Before unloading her candid thoughts on TV co-star Roseanne Barr’s alt-right politics and fellow comic Kathy Griffin’s viral Trump-beheading pic (“It just wasn’t funny”), Sandra Bernhard proclaims herself, quite aptly, to be “no-nonsense.” That has been, after all, her way since the ’70s, when lambasting Hollywood’s who’s-who first became a calling card for the fearless comedian, actress, and musician.
Then, from 1991 to 1997, she famously put a face to bisexuality not just as herself — Bernhard was out from the get-go — but also as Nancy Bartlett on ABC’s hit sitcom Roseanne. Introduced in Season Four as the estranged lesbian wife of Arnie Thomas (Tom Arnold), Nancy, who later came out as bisexual, gets chummy with Roseanne Conner and Roseanne’s younger sister, Jackie Harris (Laurie Metcalf).
Bernhard, 62, will revisit her groundbreaking character during the show’s revival. As for the controversy regarding Roseanne and her TV alter ego’s support for President Trump? “Roseanne is gonna be another round of really fun and really smart television,” Bernhard tells me. “Roseanne has never turned on the gay community. Roseanne likes to stir the pot. She always has. So, I guess that’s the way she’s doing it now, and I don’t agree with any of the Trump shit, but I think she’ll transcend that, and the show will still be amazing.”
What can we expect politically from the Roseanne reboot?
I think they’re gonna do a deep dive into where the working class is at right now. I mean, maybe not as deep as you would need, considering that half of the working class who don’t have their industrial-ass jobs anymore are strung out on opioids. That’s not very much fun; I don’t think they’ll go there. [Laughs.] But I think we’re in a real crossroads in this country, and Roseanne has always been good at revealing that — and at the same time making it funny and moving and insightful. I’m only in the last episode, so I don’t know exactly how they’re approaching it. I know there will be very personal stories like there always were, as opposed to globalizing it. I think that’s what makes the show special.
I imagine you’ve been hearing about the backlash Roseanne’s politics have ignited since the reboot was announced.
I was hearing about that way before they announced the reboot, and I just dropped out of the conversation because I don’t want to get into that on Twitter. You can’t do that; it goes nowhere. And everybody who makes political decisions also has to live with the fallout. That goes for famous, successful people and for people on the street. If you voted for Trump and you thought it was gonna be a lark and funny, the results are right there in front of you every day.
My hope is that it might bridge some severe societal gaps, perhaps open some minds, maybe even my own. But it’s been very difficult for people who didn’t vote for Trump to even begin to understand or empathize with someone who supported him.
I don’t have any empathy for people who voted for him. Honestly, I really don’t. It’s obvious that he didn’t know anything about the working-class population; he just exploited it, and [his supporters] were naive and unwilling to read or to know what was really going on. He played them — and to a certain extent, the few people who are still in his corner. He still plays them. So it’s just kind of a bummer.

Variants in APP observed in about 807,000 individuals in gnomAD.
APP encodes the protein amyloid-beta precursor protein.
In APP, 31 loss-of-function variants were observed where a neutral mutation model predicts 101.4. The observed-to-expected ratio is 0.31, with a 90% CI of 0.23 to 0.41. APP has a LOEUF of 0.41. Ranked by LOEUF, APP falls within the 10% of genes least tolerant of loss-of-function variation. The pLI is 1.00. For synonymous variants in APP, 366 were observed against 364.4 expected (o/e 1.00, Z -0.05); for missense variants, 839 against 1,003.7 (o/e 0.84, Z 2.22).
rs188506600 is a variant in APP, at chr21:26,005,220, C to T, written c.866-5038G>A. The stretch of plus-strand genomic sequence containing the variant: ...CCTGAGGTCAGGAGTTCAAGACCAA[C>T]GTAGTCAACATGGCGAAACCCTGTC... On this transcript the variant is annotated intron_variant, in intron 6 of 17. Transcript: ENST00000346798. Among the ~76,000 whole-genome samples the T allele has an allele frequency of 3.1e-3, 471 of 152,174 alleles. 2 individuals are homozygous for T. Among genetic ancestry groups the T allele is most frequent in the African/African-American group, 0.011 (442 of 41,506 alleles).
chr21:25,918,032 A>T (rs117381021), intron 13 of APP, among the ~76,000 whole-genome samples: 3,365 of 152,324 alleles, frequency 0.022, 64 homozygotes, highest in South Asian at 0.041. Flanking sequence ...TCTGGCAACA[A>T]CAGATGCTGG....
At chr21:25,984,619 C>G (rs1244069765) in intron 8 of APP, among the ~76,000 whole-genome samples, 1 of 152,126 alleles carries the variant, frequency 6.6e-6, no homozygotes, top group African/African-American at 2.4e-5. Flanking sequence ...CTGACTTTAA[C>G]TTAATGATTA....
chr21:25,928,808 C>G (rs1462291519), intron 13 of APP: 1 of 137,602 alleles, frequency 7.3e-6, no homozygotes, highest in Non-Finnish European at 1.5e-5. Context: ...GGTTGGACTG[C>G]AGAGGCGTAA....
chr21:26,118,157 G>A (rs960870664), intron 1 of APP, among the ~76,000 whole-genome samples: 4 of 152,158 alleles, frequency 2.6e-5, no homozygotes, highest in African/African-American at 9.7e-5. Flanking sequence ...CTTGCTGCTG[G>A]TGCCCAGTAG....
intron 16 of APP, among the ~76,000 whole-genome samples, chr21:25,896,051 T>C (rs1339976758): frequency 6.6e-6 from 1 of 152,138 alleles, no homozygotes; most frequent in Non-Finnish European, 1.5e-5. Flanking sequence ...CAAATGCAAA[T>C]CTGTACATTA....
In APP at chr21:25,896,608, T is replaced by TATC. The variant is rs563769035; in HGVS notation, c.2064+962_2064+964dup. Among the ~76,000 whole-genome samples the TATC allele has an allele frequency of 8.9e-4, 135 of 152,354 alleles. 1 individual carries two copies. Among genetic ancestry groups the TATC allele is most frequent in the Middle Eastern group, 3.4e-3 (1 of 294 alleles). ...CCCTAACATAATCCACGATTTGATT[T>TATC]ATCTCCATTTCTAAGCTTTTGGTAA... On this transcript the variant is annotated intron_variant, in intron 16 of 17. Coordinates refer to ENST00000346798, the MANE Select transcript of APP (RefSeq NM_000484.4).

A lot of people have strong opinions about the liberal-minded cast returning to a show led by a Trump supporter.
I’m glad they do. She should hear it. And it’s better for her to hear it from the people that have supported her and watched her show than it is from me. I mean, we’re friends, we’re friendly, and I’ll continue to do the show. But it gets underneath your skin when 20 million people who used to watch your show are like, “What the f*ck?”
She seems to know how people feel about her politics. At the Golden Globes, presenting with co-star John Goodman, she said, “I’m kind of known for creating some great drama.”
Of course she knows.
Well, I’m excited to have Nancy Bartlett back. You told me in 2013 that you didn’t think Nancy would have a place on the show if it ever returned.
It’s not that she didn’t have a place. But I didn’t think they’d be able to fit her story back in because of all the new characters, and the family, and reestablishing what’s been going on politically. So, when they added the extra episode and wrote me in, I was thrilled.
Nancy was one of the earliest portrayals of bisexuality on TV. What surprised you most about how her sexuality was treated on the show in the ’90s?
I mean, she was fun, and it was a fun concept that she ran from being married to Tom Arnold into the relationship with Morgan Fairchild. It was sort of a lark at first, and of course it evolved. They wouldn’t let me kiss Morgan Fairchild under the mistletoe — we had to cut the kiss — so that’s how far we’ve come in terms of what you see sexually on TV.
But yeah, she was a funny, kooky, free-spirited character who got to do things and say things that were part of the evolution of sexuality on TV. It wasn’t intentional — it wasn’t like we were trying to do something groundbreaking. But that is how Roseanne is and was. She just did things that felt organic and authentic. She ended up having the actual kiss with Merle Hemingway [at a gay bar that Nancy took her to]. But nonetheless, Nancy’s fun, and if they picked up the show again, they’ll expand her story.